“When I took one step toward Angel, she got up and walked over to the line, sat, and looked at the camera. I didn’t have to tell her. She knew she was going to get her photo made. She knew she was meant for this job,” she said.
Besides working at Houston Methodist Hospital, Angel and Herrera also make visits to Hermann Memorial Hospital, Sheltering Arms Assisted Care, and Hampton Assisted Care. The dog also works with students at the University of Houston and is an active member of Faithful Paws.
When Herrera and Angel do visits, certain people already know them. “We have cards that we pass out to the patients and the residents of the places we go to. When we come back, we’ll see our card hanging up on the wall. It means a lot to them to have us come visit,” Herrera said.
She added, “Angel loves people that have had strokes, and she seems to know that they need her. She likes children a whole lot.”
Herrera spoke of the time in a pediatric oncology unit when she and Angel walked into a child’s room. She got a feeling that the mother wasn’t up for company, but introduced Angel and asked if they would like a visit from a dog.
The boy responded yes, so Herrera continued walking in with Angel. She said, “As you can see, she is missing a leg.” The mother stopped her and said, “He’s blind. He can’t see.”
Herrera thought, “Oh wow, I really need to be careful here.”
The boy then told his mom, “I want to feel where her leg is missing.”
Herrera didn’t let on to the boy or his mother that Angel really doesn’t like to have her nub touched — she will only tolerate it when she is being lifted into the car. But the boy requested that Angel come up on the bed with him, and he asked again, “Can I feel where her nub is?”
The mother’s face began started to soften. The boy was attached to machines, but Herrera said that Angel is absolutely amazing about knowing how to go underneath tubes and wires. Herrera put Angel on the bed in a way that her blind eye was facing up — so she was basically blind, too, lying there.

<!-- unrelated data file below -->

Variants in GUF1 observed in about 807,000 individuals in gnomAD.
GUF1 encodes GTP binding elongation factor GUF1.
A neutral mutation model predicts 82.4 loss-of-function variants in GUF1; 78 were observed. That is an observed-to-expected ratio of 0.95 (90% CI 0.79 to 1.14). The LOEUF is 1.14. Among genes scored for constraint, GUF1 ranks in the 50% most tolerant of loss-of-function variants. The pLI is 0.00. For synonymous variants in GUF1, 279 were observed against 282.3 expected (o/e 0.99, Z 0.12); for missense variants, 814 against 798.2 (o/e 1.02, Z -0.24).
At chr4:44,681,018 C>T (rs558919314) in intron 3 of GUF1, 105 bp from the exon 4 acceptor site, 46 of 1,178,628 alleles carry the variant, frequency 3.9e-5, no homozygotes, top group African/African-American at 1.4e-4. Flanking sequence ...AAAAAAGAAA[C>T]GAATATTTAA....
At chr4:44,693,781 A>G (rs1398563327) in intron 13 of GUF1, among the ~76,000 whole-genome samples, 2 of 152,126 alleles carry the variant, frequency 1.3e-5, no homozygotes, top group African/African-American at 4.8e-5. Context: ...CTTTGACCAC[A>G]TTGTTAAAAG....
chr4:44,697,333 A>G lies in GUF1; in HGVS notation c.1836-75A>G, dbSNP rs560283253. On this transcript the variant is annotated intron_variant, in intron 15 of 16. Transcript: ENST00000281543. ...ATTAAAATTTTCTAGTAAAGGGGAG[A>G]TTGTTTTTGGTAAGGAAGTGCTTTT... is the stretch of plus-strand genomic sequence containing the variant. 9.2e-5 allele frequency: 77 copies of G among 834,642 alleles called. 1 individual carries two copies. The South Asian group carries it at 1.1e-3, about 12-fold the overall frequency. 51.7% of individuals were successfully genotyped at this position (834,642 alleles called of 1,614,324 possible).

Herrera said, “I was holding my breath because at home, Angel’s like, ‘Leave me alone. Let me run around and be crazy, and don’t touch me, my nub or anything.’”
Angel rested her head on the boy’s leg, and he bent over and started petting where her leg wasn’t. “By the time I left the little boy and his mother, everyone was laughing and we were having a great time,” Herrera remembered.
She said that when Angel puts on her vest to go to work at the hospital and she gets up on those beds, she’s a different dog. Somehow, she knows to lie still and let the patient pat her.
During another visit, a patient asked Angel, “Can you chase my cancer away?” The man then insisted that Angel and all of the other therapy dogs who were there that day come up on the bed with him.
Herrera said, “By the time it was over, the man was asking the dogs, “How are y’all doing today? Are y’all doing all right?’”
She said the man forgot all about himself. All he cared about were those dogs and how they were feeling at that moment.
Herrera calls this “the magic” and says dogs are so much easier to communicate with because they only expect you to be present and be with them.
“Stuff like that happens. You don’t really understand, but it’s just the presence of a well-trained dog that is ready to help. They know it’s their mission. It’s weird. It’s like they are born for it.”
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About the author: Anne Forline is a freelance writer in Bellmawr, New Jersey. She is an unrepentant foster failure. Her three rescue bunnies, JoJo, Bennie, and Nibbles, allow Anne, her husband, Steve, and daughter, Cara, to share a home with them. Anne likes to run 5Ks and has placed a few times in her age division. She is also a certified teacher who homeschools Cara. Anne makes friends with all of the neighborhood dogs and keeps treats handy to give out when they pass by on their walks. See more of her work at anneforline.com, and follow her on Twitter at @AnneForline.